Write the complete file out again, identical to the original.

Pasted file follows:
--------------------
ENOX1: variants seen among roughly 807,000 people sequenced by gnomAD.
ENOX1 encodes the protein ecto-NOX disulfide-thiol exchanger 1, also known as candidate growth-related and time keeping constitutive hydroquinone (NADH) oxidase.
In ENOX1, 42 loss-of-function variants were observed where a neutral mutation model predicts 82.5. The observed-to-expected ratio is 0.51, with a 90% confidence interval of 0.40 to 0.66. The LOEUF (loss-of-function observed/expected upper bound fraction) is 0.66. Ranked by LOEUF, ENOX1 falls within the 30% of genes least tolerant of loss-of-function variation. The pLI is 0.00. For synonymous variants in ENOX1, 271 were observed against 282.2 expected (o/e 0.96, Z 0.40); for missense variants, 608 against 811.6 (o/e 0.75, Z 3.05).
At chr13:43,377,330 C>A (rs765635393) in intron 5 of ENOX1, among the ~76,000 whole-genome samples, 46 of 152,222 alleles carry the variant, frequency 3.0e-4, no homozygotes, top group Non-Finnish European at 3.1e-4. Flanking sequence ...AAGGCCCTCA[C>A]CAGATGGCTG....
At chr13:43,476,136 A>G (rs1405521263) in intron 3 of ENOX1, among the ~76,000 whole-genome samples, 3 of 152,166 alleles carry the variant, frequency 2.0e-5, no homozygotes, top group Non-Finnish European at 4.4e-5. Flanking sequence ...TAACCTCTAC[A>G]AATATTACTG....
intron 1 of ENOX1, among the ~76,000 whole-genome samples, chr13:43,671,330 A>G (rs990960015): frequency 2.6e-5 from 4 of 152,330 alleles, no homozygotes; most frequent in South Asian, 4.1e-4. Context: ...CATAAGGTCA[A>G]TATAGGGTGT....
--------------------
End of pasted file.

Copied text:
ENOX1: variants seen among roughly 807,000 people sequenced by gnomAD.
ENOX1 encodes the protein ecto-NOX disulfide-thiol exchanger 1, also known as candidate growth-related and time keeping constitutive hydroquinone (NADH) oxidase.
In ENOX1, 42 loss-of-function variants were observed where a neutral mutation model predicts 82.5. The observed-to-expected ratio is 0.51, with a 90% confidence interval of 0.40 to 0.66. The LOEUF (loss-of-function observed/expected upper bound fraction) is 0.66. Ranked by LOEUF, ENOX1 falls within the 30% of genes least tolerant of loss-of-function variation. The pLI is 0.00. For synonymous variants in ENOX1, 271 were observed against 282.2 expected (o/e 0.96, Z 0.40); for missense variants, 608 against 811.6 (o/e 0.75, Z 3.05).
At chr13:43,377,330 C>A (rs765635393) in intron 5 of ENOX1, among the ~76,000 whole-genome samples, 46 of 152,222 alleles carry the variant, frequency 3.0e-4, no homozygotes, top group Non-Finnish European at 3.1e-4. Flanking sequence ...AAGGCCCTCA[C>A]CAGATGGCTG....
At chr13:43,476,136 A>G (rs1405521263) in intron 3 of ENOX1, among the ~76,000 whole-genome samples, 3 of 152,166 alleles carry the variant, frequency 2.0e-5, no homozygotes, top group Non-Finnish European at 4.4e-5. Flanking sequence ...TAACCTCTAC[A>G]AATATTACTG....
intron 1 of ENOX1, among the ~76,000 whole-genome samples, chr13:43,671,330 A>G (rs990960015): frequency 2.6e-5 from 4 of 152,330 alleles, no homozygotes; most frequent in South Asian, 4.1e-4. Context: ...CATAAGGTCA[A>G]TATAGGGTGT....